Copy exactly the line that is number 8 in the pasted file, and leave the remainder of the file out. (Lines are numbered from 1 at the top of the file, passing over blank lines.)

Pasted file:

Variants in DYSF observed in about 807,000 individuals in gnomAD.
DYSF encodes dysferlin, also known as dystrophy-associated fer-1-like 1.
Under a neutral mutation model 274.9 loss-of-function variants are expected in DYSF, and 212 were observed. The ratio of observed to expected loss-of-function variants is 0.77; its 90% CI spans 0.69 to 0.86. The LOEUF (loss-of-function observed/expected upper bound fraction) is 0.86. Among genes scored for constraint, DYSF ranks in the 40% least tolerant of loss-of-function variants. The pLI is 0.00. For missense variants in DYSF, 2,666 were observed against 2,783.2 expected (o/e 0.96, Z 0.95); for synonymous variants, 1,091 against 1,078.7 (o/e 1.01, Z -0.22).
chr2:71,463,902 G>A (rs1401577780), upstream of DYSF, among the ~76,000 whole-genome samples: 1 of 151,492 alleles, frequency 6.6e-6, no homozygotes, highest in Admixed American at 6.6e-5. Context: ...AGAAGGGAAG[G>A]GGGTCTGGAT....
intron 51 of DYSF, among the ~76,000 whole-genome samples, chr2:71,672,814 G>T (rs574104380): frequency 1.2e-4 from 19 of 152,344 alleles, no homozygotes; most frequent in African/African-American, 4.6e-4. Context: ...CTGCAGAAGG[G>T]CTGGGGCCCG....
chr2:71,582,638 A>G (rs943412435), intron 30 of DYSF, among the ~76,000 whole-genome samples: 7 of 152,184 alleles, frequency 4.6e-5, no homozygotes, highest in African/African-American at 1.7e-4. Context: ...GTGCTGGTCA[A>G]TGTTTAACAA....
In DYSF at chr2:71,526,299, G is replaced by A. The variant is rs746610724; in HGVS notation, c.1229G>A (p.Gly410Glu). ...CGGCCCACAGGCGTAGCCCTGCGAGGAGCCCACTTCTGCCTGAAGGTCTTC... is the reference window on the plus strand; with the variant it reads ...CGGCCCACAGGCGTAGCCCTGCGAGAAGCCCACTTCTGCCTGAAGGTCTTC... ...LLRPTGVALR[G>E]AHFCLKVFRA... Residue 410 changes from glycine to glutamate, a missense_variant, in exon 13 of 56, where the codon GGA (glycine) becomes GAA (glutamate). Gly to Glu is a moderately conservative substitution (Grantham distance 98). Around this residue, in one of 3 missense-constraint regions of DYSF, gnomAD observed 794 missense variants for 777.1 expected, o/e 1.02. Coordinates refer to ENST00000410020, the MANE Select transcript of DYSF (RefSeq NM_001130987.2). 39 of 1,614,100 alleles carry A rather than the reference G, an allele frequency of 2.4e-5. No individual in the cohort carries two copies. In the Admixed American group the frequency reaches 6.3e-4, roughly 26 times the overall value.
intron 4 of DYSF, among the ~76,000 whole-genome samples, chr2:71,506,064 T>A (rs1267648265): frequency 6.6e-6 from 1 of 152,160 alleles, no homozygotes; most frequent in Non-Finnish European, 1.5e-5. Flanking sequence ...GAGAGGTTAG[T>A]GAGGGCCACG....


intron 4 of DYSF, among the ~76,000 whole-genome samples, chr2:71,506,064 T>A (rs1267648265): frequency 6.6e-6 from 1 of 152,160 alleles, no homozygotes; most frequent in Non-Finnish European, 1.5e-5. Flanking sequence ...GAGAGGTTAG[T>A]GAGGGCCACG....